• veggiegardnr
    4 years ago

    Carpets are never truly clean, even after they've been steam cleaned.

  • ledmond10
    4 years ago

    After tearing out carpet and seeing all the ick that filters all the way through it, I always visualize that stuff lurking under there, even when the surface looks clean. Area rugs can be hauled to the rug cleaner. I have never worn out a wool area rug in 30 years. Our new house has cork, with a wool rug. It is never cold.

  • einportlandor
    4 years ago
    last modified: 4 years ago

    It's personal preference, both can be lovely. I had carpet for many years and never thought anything of it. But after I moved into my current house with all hardwoods, I was shocked at the accumulation of dust bunnies under the bed and dresser. It struck me that the same amount of dust was in the carpet of my old home, I just didn't see it. Another consideration is allergies -- bedroom carpets can be a problem for people with chronic allergies or asthma.

    I've recently noticed more and more wall-to-wall carpet in Houzz photos. I suspect it's coming back in style.

  • DYH
    4 years ago

    I've had wall-to-wall carpeting in my previous homes, since 1990.

    In this renovation, I have no carpeting anywhere. I have dust allergies, and hardwood floors that can be vacuumed and mopped work best for me -- and my sinuses. I have a rug at the foot of my bed so that my poodle won't be hurt when jumping off the bed.


  • Lars
    4 years ago
    last modified: 4 years ago

    We had all hardwood floors in our house in Venice (except kitchen and bathroom, which were linoleum tiles), and our current house came with hardwood in the living room and hall only - the previous owners had put carpet over the original two front bedrooms, and the new master bedroom was built with just carpet, which I think is just over concrete. My brother had to good sense to remove the carpet in his bedroom and have the original wood floor repaired and refinish - wax only - no poly! I left my room (the master) and the extra bedroom with carpet, and I lived to regret it big time. The previous owners had dogs/puppies that peed on all the carpets, and the stench was nauseating and lasted for months. Whenever we viewed the house before buying it, there were extremely strong deodorizing scent machines going on that masked the odor until the house was sold. I tried everything to get the stench out of the carpets, but to no avail. To this day I do not allow any dogs in the house - they go straight to the back yard if anyone brings one with them, but most people have figured out that I do not want them bringing their dogs here. (I had dogs as a child on the farm in Texas, but they lived outside; I prefer cats in the city.)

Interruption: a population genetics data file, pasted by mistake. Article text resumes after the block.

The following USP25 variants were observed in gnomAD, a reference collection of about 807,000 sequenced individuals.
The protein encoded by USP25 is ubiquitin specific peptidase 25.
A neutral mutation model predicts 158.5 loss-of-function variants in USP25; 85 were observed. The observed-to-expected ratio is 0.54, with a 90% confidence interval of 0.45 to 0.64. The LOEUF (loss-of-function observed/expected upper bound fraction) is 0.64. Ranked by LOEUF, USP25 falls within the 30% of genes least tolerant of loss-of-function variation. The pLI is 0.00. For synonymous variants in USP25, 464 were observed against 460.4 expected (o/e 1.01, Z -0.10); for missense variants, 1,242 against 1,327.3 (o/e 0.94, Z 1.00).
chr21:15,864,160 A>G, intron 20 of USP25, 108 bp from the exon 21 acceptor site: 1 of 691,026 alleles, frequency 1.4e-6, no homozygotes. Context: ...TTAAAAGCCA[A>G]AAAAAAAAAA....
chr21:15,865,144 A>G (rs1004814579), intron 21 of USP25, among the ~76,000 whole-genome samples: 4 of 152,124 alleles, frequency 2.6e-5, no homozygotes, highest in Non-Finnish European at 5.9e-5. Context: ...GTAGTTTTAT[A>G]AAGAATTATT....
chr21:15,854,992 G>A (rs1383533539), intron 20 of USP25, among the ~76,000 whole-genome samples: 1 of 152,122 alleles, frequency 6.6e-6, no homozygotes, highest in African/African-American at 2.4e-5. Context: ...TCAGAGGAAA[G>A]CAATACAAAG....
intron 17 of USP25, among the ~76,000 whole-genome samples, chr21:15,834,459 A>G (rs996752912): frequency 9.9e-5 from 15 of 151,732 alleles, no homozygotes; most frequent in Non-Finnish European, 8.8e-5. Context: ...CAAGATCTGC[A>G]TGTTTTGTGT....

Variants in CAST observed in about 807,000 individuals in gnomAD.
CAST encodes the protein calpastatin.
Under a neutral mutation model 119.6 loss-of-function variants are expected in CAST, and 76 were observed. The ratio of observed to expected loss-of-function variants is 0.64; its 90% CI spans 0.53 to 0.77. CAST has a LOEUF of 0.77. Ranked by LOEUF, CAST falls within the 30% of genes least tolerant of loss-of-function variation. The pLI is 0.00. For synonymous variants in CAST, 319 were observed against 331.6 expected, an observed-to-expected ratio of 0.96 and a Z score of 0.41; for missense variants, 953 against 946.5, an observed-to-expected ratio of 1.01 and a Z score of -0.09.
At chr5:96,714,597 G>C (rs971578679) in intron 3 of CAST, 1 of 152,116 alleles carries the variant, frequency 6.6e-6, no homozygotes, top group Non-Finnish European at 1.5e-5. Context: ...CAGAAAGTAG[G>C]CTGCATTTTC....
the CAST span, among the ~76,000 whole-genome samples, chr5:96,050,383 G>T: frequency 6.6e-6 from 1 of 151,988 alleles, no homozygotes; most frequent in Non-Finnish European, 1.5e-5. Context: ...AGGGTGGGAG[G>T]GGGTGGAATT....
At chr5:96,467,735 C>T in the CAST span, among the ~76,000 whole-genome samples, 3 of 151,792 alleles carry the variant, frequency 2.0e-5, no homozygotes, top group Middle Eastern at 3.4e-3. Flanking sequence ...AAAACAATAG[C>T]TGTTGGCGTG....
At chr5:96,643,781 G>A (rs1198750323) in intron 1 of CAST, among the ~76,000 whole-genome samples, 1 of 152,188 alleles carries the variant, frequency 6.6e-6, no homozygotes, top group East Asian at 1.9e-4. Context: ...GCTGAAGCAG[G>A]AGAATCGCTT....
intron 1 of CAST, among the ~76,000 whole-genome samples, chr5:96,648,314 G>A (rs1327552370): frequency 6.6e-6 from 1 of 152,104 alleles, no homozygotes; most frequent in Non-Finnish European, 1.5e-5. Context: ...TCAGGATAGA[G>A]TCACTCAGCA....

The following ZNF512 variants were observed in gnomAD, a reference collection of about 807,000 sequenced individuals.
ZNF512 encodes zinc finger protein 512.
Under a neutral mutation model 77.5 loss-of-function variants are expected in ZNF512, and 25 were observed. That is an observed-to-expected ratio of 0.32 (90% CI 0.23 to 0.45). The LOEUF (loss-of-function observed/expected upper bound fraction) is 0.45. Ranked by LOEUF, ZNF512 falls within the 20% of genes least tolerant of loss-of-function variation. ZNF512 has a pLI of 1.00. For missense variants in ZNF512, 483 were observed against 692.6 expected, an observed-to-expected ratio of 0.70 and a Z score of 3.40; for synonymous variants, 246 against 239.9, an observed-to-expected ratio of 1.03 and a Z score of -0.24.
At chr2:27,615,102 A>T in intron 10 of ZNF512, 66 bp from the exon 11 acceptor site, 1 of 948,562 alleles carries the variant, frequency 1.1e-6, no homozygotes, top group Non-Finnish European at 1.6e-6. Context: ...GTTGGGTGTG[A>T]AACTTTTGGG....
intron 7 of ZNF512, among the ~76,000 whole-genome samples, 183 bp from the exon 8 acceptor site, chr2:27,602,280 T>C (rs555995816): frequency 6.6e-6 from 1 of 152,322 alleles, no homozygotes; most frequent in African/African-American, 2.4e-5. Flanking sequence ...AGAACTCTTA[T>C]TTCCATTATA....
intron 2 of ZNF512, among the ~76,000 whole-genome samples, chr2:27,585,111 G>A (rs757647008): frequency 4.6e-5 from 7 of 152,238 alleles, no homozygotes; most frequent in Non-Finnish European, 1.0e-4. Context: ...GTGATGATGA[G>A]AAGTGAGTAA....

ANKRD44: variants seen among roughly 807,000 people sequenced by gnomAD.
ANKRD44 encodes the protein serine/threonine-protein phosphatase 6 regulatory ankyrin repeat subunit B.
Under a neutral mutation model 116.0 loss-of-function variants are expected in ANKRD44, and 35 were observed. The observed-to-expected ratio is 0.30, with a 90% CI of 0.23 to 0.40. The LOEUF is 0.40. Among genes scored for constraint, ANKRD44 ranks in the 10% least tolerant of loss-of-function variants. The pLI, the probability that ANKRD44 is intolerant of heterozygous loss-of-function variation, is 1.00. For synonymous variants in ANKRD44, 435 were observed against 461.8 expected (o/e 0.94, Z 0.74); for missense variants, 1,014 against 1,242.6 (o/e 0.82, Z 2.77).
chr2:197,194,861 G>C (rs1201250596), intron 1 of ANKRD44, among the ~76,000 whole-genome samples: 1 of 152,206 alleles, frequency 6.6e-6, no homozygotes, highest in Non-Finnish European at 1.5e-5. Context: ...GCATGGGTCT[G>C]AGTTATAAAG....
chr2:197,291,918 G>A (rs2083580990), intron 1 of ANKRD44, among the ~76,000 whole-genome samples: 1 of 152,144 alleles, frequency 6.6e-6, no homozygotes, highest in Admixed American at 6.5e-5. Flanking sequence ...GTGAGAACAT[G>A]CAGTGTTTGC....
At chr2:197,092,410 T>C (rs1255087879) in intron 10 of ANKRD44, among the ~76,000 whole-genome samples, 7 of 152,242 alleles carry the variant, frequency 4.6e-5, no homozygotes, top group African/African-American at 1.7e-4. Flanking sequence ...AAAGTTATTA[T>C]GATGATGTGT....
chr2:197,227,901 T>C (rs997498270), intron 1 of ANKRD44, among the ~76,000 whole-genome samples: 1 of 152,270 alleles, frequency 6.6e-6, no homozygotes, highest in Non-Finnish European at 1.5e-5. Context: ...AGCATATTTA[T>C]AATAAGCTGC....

I prefer wall-to-wall carpet in my bedroom, and in San Francisco, I had a carpet cut to fit my bedroom, although it was not tacked down. In Venice, I had a small rug next to my bed (like my brother does now), but that was not enough. We also had a runner in the hall, and that was difficult to keep clean - much harder to vacuum than a rug that is properly installed. I am not a fan of loose rugs on hardwoods, but I do like hardwood floors. I also prefer a waxed finish on hardwood, as that is easier for me to maintain - scratches are never a problem to fix by myself.

    I would not mind hardwood in my bedroom, but I would want it covered completely with a carpet that I could easily change when it gets worn.

    My house is never cold, and we have travertine floors in the art studio/dining room and adjoining hall plus ceramic tile in the kitchen. We're in a somewhat warm climate, and I like having cool floors for most of the spaces. The coldest place I ever lived was San Francisco, and one of the reasons I moved away was the cold weather.

  • Saypoint zone 6 CT
    4 years ago

    Hardwood. Mine are vacuumed and damp-mopped regularly so dust is kept to a minimum. Area rugs at bedside and in main living areas are taken out and cleaned professionally when needed. I have only had wall to wall once, and it showed major traffic paths even after cleaning. They never seemed really clean to me. Wood floors are at the top of my list when house hunting. Along with a working wood burning fireplace.

  • functionthenlook
    4 years ago